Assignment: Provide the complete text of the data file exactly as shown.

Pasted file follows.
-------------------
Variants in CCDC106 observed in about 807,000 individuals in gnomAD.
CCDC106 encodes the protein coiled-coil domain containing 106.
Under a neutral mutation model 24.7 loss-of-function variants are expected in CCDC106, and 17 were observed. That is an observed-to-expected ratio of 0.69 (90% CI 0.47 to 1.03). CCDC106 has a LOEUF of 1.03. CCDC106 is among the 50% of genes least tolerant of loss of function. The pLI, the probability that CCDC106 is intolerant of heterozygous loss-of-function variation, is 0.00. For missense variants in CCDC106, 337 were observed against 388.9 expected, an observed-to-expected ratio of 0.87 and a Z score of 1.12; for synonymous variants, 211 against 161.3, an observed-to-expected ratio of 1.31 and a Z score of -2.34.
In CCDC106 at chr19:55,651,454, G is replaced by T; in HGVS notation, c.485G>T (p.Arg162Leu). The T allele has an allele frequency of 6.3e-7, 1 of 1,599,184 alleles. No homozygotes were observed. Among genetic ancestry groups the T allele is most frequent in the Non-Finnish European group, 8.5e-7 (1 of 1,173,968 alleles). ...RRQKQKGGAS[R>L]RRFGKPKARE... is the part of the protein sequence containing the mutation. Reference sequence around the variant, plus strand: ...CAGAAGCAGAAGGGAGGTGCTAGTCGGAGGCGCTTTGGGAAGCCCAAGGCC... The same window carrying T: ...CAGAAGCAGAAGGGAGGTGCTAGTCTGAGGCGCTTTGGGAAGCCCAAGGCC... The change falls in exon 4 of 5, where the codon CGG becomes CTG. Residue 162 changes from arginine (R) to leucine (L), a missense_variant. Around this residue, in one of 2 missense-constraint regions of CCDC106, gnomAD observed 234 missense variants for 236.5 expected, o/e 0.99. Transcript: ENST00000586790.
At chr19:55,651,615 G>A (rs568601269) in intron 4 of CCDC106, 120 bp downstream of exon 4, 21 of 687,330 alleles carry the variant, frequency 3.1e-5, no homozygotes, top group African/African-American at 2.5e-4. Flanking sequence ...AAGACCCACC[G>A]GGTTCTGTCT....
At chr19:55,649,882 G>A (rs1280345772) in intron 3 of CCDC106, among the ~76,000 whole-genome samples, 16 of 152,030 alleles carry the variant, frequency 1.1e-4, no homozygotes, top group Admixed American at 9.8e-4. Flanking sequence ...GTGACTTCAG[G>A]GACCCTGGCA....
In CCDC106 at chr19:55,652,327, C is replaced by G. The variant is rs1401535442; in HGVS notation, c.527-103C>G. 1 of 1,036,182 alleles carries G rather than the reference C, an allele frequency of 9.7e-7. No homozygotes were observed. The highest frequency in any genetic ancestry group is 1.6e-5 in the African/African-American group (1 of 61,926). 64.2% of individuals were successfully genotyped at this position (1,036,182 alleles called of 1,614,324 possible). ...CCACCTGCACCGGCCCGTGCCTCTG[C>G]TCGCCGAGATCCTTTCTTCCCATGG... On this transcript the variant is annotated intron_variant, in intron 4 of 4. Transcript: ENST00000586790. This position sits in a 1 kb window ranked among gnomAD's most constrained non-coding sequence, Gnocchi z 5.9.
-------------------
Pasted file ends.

Variants in CCDC106 observed in about 807,000 individuals in gnomAD.
CCDC106 encodes the protein coiled-coil domain containing 106.
Under a neutral mutation model 24.7 loss-of-function variants are expected in CCDC106, and 17 were observed. That is an observed-to-expected ratio of 0.69 (90% CI 0.47 to 1.03). CCDC106 has a LOEUF of 1.03. CCDC106 is among the 50% of genes least tolerant of loss of function. The pLI, the probability that CCDC106 is intolerant of heterozygous loss-of-function variation, is 0.00. For missense variants in CCDC106, 337 were observed against 388.9 expected, an observed-to-expected ratio of 0.87 and a Z score of 1.12; for synonymous variants, 211 against 161.3, an observed-to-expected ratio of 1.31 and a Z score of -2.34.
In CCDC106 at chr19:55,651,454, G is replaced by T; in HGVS notation, c.485G>T (p.Arg162Leu). The T allele has an allele frequency of 6.3e-7, 1 of 1,599,184 alleles. No homozygotes were observed. Among genetic ancestry groups the T allele is most frequent in the Non-Finnish European group, 8.5e-7 (1 of 1,173,968 alleles). ...RRQKQKGGAS[R>L]RRFGKPKARE... is the part of the protein sequence containing the mutation. Reference sequence around the variant, plus strand: ...CAGAAGCAGAAGGGAGGTGCTAGTCGGAGGCGCTTTGGGAAGCCCAAGGCC... The same window carrying T: ...CAGAAGCAGAAGGGAGGTGCTAGTCTGAGGCGCTTTGGGAAGCCCAAGGCC... The change falls in exon 4 of 5, where the codon CGG becomes CTG. Residue 162 changes from arginine (R) to leucine (L), a missense_variant. Around this residue, in one of 2 missense-constraint regions of CCDC106, gnomAD observed 234 missense variants for 236.5 expected, o/e 0.99. Transcript: ENST00000586790.
At chr19:55,651,615 G>A (rs568601269) in intron 4 of CCDC106, 120 bp downstream of exon 4, 21 of 687,330 alleles carry the variant, frequency 3.1e-5, no homozygotes, top group African/African-American at 2.5e-4. Flanking sequence ...AAGACCCACC[G>A]GGTTCTGTCT....
At chr19:55,649,882 G>A (rs1280345772) in intron 3 of CCDC106, among the ~76,000 whole-genome samples, 16 of 152,030 alleles carry the variant, frequency 1.1e-4, no homozygotes, top group Admixed American at 9.8e-4. Flanking sequence ...GTGACTTCAG[G>A]GACCCTGGCA....
In CCDC106 at chr19:55,652,327, C is replaced by G. The variant is rs1401535442; in HGVS notation, c.527-103C>G. 1 of 1,036,182 alleles carries G rather than the reference C, an allele frequency of 9.7e-7. No homozygotes were observed. The highest frequency in any genetic ancestry group is 1.6e-5 in the African/African-American group (1 of 61,926). 64.2% of individuals were successfully genotyped at this position (1,036,182 alleles called of 1,614,324 possible). ...CCACCTGCACCGGCCCGTGCCTCTG[C>G]TCGCCGAGATCCTTTCTTCCCATGG... On this transcript the variant is annotated intron_variant, in intron 4 of 4. Transcript: ENST00000586790. This position sits in a 1 kb window ranked among gnomAD's most constrained non-coding sequence, Gnocchi z 5.9.